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Wednesday, April 17, 2024

Sri Lanka asked to deal with crowded prisons; ICRC meets Hakeem to seek post-war role

Shamindra Ferdinando
With the rapid diminishing of its role in Sri Lanka, due to the conclusion of the conflict in May 2009, the ICRC is now seeking a larger role in revamping the country’s prisons. The Geneva-headquartered humanitarian agency wants an agreement with the government regarding its post-conflict role here.

The government in November last year requested the ICRC to close its offices in Jaffna and Vavuniya and operate from Colombo. The ICRC launched its Sri Lankan mission in 1989 on the invitation of then President Ranasinghe Premadasa.

Justice Ministry sources told The Island that a three-member ICRC delegation, led by its head of operations here, Yves Giovannoni, had discussed prisons reforms with Justice Minister Rauff Hakeem at the latter’s office on Monday (12). He was accompanied by Protection Coordinator Ralph Wehbe and Detention Coordinator Lynn Graham.

Talks focused on ways and means of tackling overcrowded prisons. Hakeem, who is also the SLMC leader, had explained his inability to take decisions without consulting Prisons Minister Chandrasiri Gajadeera. He promised to discuss ICRC’s concerns with Gajadeera.

The ICRC delegation stressed the urgent need to deal with Sri Lanka’s congested prisons. The delegation pointed out that those held in crowded conditions undergo severe difficulties, while suggesting some remedial measures.

Responding to a query by Minister Hakeem, the ICRC acknowledged that the situation here was better than in some other countries, in spite of overcrowding. The protection officer said that he had access to the Guantanamo Bay detention camp, where detainees are held since 2002. It is an extrajudicial detainment and interrogation facility run by the US within Guantanamo Bay Naval Base, Cuba. The facility was established in 2002 by the Bush Administration to hold detainees from the ‘war on terror’.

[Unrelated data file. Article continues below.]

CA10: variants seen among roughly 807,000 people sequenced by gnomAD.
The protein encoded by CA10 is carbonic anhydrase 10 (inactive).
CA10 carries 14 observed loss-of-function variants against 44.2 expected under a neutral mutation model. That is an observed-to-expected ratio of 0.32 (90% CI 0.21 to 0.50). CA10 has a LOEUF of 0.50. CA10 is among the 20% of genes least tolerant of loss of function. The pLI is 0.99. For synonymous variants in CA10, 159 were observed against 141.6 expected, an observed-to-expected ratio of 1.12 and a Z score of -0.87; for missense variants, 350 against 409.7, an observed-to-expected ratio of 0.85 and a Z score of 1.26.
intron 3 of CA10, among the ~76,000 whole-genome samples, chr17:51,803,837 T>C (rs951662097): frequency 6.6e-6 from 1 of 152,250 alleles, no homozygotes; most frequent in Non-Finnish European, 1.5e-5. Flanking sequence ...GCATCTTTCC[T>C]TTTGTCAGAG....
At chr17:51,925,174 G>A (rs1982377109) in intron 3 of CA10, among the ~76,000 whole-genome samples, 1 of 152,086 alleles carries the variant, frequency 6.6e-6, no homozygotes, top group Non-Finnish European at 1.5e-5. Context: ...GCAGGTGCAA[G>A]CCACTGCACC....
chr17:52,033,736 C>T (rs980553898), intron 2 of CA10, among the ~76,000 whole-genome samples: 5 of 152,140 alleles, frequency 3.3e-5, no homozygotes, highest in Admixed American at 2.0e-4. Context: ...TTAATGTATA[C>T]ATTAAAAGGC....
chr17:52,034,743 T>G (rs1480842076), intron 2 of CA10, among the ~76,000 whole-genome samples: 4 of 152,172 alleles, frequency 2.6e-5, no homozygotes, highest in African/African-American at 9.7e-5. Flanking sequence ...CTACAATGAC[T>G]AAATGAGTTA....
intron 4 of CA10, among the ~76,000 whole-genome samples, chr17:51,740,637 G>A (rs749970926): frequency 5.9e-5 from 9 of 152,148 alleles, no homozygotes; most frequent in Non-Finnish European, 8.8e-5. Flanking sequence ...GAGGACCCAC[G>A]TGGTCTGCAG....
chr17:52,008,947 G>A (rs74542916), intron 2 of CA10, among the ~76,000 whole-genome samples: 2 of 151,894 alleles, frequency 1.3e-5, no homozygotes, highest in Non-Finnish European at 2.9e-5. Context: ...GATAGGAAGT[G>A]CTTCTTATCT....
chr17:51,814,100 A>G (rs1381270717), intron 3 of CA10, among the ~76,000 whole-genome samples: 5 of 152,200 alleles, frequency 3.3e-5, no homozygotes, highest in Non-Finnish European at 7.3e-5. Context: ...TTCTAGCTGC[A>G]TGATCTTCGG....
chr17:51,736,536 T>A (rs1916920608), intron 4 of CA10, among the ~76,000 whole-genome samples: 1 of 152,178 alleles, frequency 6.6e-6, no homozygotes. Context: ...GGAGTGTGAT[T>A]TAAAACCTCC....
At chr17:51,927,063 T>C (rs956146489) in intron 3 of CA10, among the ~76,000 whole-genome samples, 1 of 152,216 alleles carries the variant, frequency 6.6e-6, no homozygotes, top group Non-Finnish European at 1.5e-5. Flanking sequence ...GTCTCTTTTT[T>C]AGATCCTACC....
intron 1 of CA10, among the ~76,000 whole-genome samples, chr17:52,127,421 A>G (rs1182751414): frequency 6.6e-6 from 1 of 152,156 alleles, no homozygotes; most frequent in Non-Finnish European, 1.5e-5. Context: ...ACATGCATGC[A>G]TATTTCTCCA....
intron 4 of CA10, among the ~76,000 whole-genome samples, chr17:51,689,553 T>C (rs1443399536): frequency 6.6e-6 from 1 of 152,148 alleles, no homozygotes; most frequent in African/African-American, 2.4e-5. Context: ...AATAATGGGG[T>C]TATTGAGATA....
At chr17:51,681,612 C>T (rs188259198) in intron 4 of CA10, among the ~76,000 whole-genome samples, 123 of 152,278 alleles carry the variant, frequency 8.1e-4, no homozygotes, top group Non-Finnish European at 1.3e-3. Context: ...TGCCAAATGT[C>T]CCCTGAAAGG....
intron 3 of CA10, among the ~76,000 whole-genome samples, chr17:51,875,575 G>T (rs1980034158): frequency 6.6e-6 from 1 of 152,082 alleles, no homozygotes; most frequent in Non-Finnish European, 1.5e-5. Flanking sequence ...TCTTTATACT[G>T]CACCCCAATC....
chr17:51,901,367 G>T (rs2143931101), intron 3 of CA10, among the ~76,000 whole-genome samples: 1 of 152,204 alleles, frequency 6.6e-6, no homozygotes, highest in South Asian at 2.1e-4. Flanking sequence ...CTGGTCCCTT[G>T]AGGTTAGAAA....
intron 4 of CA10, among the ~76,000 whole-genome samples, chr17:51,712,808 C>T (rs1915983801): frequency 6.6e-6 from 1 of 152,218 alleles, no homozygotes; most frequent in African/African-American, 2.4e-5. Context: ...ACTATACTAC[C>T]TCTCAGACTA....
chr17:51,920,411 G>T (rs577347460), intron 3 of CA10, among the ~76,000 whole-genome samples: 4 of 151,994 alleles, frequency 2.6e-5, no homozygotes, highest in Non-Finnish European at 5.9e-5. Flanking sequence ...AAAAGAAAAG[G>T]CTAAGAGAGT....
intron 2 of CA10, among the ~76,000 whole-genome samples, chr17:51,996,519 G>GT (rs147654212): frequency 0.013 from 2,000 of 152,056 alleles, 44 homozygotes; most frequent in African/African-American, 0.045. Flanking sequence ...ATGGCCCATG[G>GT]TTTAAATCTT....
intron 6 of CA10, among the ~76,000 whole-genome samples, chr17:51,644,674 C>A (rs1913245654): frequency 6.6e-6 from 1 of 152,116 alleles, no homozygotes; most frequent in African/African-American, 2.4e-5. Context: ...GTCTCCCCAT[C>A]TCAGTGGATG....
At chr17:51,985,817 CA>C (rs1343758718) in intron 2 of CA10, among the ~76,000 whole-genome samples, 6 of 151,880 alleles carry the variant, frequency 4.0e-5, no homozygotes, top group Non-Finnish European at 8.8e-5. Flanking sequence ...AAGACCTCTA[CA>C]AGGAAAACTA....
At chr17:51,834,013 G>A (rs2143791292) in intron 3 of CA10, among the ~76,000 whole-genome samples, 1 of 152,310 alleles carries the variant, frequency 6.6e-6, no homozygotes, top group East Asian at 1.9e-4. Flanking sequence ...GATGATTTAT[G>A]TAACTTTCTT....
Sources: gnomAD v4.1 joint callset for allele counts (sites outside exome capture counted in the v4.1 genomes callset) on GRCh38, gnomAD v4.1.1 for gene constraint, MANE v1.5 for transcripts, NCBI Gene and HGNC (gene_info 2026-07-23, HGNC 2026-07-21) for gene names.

The ICRC delegation had a separate meeting with Justice Secretary Suhada Gamlath.

Authoritative sources told The Island that INGOs, including the ICRC should review their operations here due to restoration of State authority in all parts of the country. During the war, successive governments had relied heavily on the ICRC to maintain contact with the LTTE.

During its 22-year deployment here, the ICRC supervised a safety zone around the Jaffna Teaching Hospital (1990-1995), chartered ships to move those living in the Jaffna peninsula wanting medical treatment in the South and also to transport medical supplies to hospitals in the peninsula (1995-2002), facilitated movement on the A 9 road at the height of the conflict, escorted government food convoys (2000-2002), helped the military and the LTTE to exchange bodies of combatants (since 1996), chartered flights to move patients and medicine during eelam war IV, evacuated 13,800 casualties and accompanying relatives during the final phase of the conflict et al.


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